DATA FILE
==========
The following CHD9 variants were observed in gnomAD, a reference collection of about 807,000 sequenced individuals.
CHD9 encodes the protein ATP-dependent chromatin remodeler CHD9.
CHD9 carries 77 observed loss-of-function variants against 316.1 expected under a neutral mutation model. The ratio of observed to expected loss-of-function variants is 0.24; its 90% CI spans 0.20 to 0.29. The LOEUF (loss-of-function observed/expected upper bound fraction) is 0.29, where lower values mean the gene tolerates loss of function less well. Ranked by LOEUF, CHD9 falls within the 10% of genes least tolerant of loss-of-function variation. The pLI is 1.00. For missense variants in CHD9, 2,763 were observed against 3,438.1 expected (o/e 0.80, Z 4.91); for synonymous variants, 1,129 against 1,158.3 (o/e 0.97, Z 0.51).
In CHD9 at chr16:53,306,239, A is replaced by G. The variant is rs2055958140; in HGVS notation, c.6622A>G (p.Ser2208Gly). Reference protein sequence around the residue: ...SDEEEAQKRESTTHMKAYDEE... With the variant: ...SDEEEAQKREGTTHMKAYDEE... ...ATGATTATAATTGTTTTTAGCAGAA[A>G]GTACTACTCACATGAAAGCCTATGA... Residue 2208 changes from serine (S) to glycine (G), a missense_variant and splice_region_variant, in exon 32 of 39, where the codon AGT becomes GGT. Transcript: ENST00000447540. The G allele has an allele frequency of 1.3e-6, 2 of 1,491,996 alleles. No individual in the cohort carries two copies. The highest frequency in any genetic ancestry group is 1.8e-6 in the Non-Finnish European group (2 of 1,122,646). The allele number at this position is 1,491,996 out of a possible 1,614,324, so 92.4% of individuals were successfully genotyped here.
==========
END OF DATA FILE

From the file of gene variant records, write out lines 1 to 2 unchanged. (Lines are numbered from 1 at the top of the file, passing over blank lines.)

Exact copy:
The following CHD9 variants were observed in gnomAD, a reference collection of about 807,000 sequenced individuals.
CHD9 encodes the protein ATP-dependent chromatin remodeler CHD9.